There are many many stories about Yew. It's energy is a special one compared to other woods... actually I've used few others that share some of the same characteristics. One being African Blackwood. The wood has such a signature to it that difficult not to notice. I've had Yew in the past and recently was able to acquire just one other piece. It's a gorgeous wood really but I've spoken with some in the past that go to great lengths to avoid anything to do with it. I'm one with the belief that to understand balance, you need to understand both sides of the coin. Whether that be dark/light, positive/negative, diet coke/regular.
You see, like Blackwood, Yew energy is neither here or there or at least hard to pinpoint at times. But unlike the main properties of Blackwood, Yew has more of a connection to Death. And sometimes such a connection, it has even caused it.
Yew can be highly poisonous and there are many stories in reality and folklore about those pretty berries. There are accounts of prisoners using it's seeds to commit suicide while incarcerated. It has been known to cause death to animals. Even, to my knowledge, parts of Yew have been used and formulated into chemotherapy drugs to fight cancer. Yew has been and is seen to some as a tool of Dark Magic and energy. With its poisonous nature, bowls, plates and goblets have been created, given to and used by individuals to provide a negative reaction from a belief that the wood was possessed by dark spirits placed within. For the Harry Potter fans in the room, you'll know that Rowling even used Yew as the wood for Voldemort's wand.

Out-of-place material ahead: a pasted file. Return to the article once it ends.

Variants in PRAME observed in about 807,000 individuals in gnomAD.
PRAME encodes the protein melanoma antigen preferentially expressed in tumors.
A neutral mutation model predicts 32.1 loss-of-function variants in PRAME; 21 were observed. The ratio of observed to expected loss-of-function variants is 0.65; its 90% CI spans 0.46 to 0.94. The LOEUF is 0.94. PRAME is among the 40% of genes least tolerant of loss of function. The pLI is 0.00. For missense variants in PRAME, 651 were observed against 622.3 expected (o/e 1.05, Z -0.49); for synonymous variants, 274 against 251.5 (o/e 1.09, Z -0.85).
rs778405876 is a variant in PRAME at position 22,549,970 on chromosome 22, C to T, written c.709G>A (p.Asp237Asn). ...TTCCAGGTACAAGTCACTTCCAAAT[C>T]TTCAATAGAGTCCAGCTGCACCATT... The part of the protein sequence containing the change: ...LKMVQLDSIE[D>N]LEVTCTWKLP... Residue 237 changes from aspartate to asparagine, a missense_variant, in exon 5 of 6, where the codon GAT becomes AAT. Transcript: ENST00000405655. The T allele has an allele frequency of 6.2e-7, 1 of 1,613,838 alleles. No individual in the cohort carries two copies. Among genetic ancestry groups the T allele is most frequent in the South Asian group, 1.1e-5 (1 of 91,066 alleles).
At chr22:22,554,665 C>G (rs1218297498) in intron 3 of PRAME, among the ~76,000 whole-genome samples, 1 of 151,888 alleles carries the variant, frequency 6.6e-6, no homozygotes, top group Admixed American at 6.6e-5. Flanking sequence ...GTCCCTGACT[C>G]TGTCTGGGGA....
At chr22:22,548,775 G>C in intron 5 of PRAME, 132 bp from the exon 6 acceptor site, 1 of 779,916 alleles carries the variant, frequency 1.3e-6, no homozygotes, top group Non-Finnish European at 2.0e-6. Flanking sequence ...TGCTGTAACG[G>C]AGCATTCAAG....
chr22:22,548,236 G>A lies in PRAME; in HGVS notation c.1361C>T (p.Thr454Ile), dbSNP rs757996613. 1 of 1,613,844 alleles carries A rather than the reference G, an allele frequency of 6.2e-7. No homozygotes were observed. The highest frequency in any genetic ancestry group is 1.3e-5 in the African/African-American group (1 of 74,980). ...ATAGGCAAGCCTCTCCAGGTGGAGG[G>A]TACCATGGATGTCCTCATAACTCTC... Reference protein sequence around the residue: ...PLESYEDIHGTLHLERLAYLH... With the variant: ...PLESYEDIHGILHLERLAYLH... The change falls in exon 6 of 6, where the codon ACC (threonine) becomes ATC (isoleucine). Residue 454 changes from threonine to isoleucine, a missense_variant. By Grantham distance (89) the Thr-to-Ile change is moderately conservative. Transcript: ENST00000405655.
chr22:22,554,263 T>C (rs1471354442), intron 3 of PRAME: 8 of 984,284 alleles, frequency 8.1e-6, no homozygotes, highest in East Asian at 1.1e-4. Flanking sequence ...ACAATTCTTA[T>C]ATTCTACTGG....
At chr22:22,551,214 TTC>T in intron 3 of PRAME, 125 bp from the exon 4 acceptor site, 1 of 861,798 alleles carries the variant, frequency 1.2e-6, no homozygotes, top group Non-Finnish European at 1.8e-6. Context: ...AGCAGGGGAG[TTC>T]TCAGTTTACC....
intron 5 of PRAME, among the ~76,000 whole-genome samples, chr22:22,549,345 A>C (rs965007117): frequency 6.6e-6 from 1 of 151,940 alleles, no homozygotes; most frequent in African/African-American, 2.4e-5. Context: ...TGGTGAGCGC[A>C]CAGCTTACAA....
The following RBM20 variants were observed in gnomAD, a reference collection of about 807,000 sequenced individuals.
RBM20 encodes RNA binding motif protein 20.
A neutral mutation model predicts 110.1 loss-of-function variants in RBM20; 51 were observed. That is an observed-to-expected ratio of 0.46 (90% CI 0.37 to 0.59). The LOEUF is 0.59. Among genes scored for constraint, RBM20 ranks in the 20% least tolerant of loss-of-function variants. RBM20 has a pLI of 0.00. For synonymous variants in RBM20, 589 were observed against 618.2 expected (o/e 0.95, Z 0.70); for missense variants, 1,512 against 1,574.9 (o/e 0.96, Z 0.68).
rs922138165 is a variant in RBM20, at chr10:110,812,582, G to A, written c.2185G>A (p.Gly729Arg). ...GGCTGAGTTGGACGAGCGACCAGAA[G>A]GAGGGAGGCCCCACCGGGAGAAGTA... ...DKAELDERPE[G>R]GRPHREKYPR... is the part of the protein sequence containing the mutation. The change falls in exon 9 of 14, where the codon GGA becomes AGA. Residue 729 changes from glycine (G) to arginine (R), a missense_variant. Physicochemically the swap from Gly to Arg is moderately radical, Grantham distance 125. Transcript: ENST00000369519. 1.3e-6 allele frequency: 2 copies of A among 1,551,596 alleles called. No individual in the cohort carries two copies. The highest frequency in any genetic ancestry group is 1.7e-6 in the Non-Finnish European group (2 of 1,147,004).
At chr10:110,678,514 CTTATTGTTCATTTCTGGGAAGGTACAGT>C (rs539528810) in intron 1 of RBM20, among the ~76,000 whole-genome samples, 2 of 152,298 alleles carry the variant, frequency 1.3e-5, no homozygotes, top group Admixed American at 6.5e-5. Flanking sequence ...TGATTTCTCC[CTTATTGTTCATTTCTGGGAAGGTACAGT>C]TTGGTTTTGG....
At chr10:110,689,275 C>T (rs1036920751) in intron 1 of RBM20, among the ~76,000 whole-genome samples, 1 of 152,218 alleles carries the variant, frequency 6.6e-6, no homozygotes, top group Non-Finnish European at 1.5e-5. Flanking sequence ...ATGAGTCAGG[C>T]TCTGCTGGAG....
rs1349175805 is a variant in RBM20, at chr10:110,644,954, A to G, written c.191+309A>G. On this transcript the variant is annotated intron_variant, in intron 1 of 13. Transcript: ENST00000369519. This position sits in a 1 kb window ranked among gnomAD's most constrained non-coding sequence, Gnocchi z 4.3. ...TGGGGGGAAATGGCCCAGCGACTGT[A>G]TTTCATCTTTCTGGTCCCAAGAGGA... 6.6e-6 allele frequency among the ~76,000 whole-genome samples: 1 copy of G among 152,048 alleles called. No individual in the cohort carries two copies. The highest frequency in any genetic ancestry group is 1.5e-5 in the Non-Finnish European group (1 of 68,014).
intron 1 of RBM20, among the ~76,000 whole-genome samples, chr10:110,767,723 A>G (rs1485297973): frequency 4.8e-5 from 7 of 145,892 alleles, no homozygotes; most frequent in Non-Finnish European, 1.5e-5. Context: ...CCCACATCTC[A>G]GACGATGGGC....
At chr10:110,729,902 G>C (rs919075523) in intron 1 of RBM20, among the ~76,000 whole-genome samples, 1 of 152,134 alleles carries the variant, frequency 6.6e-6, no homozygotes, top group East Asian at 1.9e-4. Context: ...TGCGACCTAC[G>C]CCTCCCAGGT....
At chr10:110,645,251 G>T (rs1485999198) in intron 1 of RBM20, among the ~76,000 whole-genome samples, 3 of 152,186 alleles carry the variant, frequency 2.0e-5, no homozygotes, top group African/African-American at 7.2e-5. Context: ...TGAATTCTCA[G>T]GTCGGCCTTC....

There are myths with Yew that state the wood can hold on to or be possessed with energy not of its own.
Smoke from it if set ablaze can also be used and there are stories that I have heard of that if summoning a spirit during a time that Yew is being burned, the smoke could be captured with the spirit attached. The spirit would then also be held onto until released. We have a strict "no burning Yew" policy at McCormick Wands. To such a degree that even the kept ends of wand cut offs from any lathe work that are typically burned during our large fire at Samhain are kept separate. So, as you can see there is quite a reputation in the Witches world when is comes to this special plant. However...
Despite all of the stories of necromancy, conjuring and death.... Yew is also a powerful symbol of reincarnation. Now although that can be considered negative depending on a few factors, it can also be very positive. A belief that regardless, life will continue on in some way. Yew is highly associated with cycles of life and death. So the negative aspects that one might associate with death and its energies are not without its positives. The fact that not all energies beyond are bad and evil. Sometimes they can be benevolent, protective and warm. Ancestors coming back to help guide, animal spirit companions or simply spirits that wish to help someone. Trees were commonly planted in cemeteries to watch over spirits choosing to reside there, similar to stories about Oak.
Yew has been used for items such as spirit boards, frames for scrying mirrors and pendulums. Needless to say, Yew is an important and special wood that really is a standout from others. As with everything, its how you work with the wood. And always, the balance of energies must be taken into account. Regardless of how positive it might seem, there is always a darker side. I will have an example of one soon enough.